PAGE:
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One night with the King again

Close your eyes and you can hear Elvis across the grassy field.

Baby close your eyes and listen to the music,

Drifting through a summer breeze.

But don't close your eyes. You'll want to see every shake of the hips, every curl of the lips, every twitch.

It's a groovy night and I can show you how to use it.

Scream, shout, even beg for one of his scarves.

Just don't call him Elvis. He won't answer.

Keith Henderson will be the first to tell you he's not Elvis, and that he's not an Elvis impersonator -- he's a tribute artist. He doesn't want you to just hear or see Elvis. He wants you to experience the King.

Come along with me and put your mind at ease.

Little did he know back in 1978 that a suggestion from his girlfriend (now his wife) would change his life. She talked him into doing his Elvis tribute for their high school talent show in Chapel Hill.

A little less conversation, a little more action, please.

He barely made it out of the gym afterward. Women, young and old, tackled him, just wanting to touch him, just wanting to pay their own tribute to The King.

All this aggravation ain't satisfactioning me.

Promoters called, and called, and called.

A little more bite and a little less bar.

He had always loved to sing, even dreaming of singing a duet with Elvis.

A little less fight and a little more spark.

His father offered up the money saved for higher education. His grandmother sewed outfits, and his mother put the shiny metal studs on them, pounds and pounds of studs for every cape and jumpsuit.

Close your mouth and open up your heart and, baby, satisfy me.

Goodbye college. Hello career.

Satisfy me, baby.

Henderson, who was one of the first Elvis tribute artists in the world, is one of those people lucky enough to turn their passion into a paying job. His tribute show has traveled across the country, playing for crowds ranging in size from six to 65,000, from backyards to packed stadiums.

Come on, baby, I'm tired of talking,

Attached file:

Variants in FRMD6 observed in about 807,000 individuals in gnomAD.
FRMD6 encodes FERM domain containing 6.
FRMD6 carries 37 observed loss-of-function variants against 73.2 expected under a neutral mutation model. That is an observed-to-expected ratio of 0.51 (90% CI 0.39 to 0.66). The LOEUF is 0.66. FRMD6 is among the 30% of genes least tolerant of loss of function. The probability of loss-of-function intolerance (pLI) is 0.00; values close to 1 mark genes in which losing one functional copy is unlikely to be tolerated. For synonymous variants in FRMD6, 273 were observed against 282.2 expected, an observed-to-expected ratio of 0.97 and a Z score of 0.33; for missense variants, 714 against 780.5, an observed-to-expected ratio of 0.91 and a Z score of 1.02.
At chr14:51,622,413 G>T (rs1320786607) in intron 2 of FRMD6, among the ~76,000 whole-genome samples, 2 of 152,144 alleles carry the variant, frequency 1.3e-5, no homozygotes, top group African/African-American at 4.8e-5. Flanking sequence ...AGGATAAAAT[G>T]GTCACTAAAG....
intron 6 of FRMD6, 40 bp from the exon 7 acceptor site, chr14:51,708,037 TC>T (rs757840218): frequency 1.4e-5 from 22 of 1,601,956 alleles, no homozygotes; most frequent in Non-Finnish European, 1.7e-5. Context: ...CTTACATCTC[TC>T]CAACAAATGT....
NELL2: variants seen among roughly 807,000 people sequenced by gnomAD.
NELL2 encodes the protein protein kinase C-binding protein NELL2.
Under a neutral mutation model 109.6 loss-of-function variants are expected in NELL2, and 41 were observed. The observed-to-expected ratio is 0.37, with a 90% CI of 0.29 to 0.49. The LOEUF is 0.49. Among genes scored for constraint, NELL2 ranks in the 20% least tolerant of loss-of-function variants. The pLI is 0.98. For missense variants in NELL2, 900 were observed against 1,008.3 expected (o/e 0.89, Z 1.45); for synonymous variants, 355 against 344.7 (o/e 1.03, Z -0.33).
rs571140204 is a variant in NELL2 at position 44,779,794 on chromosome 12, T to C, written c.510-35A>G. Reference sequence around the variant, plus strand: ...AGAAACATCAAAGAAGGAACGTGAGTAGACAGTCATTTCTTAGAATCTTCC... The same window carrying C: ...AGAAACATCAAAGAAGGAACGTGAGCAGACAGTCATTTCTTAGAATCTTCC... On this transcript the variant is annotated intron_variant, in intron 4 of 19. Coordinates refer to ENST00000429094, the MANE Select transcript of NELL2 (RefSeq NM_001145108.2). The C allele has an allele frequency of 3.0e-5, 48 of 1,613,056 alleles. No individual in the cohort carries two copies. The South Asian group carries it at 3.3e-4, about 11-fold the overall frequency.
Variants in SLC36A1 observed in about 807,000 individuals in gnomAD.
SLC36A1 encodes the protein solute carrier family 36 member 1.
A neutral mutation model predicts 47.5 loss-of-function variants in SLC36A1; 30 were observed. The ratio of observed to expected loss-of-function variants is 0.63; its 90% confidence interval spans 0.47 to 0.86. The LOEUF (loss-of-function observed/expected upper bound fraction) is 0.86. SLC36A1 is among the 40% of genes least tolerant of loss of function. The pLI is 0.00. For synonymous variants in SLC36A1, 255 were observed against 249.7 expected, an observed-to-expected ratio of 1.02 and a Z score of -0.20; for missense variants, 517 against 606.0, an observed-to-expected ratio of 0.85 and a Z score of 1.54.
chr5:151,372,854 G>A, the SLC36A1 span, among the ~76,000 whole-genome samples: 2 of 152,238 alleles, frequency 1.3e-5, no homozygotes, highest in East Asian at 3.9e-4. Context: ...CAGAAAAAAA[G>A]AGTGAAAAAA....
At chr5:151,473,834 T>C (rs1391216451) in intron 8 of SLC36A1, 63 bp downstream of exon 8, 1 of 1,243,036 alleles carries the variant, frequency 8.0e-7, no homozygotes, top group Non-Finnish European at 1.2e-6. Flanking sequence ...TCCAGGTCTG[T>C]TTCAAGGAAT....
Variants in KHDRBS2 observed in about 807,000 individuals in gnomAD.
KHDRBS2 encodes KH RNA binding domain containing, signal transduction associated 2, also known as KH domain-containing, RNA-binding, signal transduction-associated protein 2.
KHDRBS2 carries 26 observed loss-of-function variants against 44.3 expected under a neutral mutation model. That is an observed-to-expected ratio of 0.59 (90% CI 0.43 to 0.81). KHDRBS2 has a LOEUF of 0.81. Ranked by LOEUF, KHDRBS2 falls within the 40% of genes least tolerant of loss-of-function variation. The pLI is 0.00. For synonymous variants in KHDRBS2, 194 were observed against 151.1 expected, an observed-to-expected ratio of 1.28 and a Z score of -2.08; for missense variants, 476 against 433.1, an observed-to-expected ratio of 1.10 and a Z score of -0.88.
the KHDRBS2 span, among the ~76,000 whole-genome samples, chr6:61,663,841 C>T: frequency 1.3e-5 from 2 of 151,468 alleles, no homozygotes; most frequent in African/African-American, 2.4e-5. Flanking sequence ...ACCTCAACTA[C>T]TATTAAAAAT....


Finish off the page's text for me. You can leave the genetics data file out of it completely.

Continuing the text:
Grab your coat, and let's start walking.

Fans follow him far and wide, wearing Keith Henderson jackets, earrings and even dog tags, escaping reality, even for a few hours by stepping into his illusion.

Come on, come on,

Come on, come on,

Come on, come on.

On this summer night, Henderson takes the stage at the edge of a field at Hillsborough's annual Hog Days celebration. Grandmothers and granddaughters cluster around the stage.

Don't procrastinate, don't articulate,

Girl, it's getting late, gettin' upset waitin' around.

As the sun sets, Henderson exits his dressing room trailer. The tight band of horns, guitars and keyboards pushes the beat. Lights glint off of all of those shiny studs that Mom has sewn on his jumpsuit and cape.

A little less conversation, a little more action, please.

All this aggravation ain't satisfactioning me.

Cameras flash. Legs shake and hips twitch. Henderson punches the air with karate punches to the pulsing beat.

A little more bite and a little less bark,

A little less fight and a little more spark.

Women scream as Henderson wraps a scarf around one lucky fan's neck, and then another. A young girl rushes back into the crowd clutching a prized scarf, delivering it to her grandmother in a wheelchair.

Close your mouth and open up your heart and, baby, satisfy me

For these fans, for a few hours, The King lives again, and the grassy field becomes Las Vegas. Keith Henderson's illusion is complete.

Satisfy me, baby.

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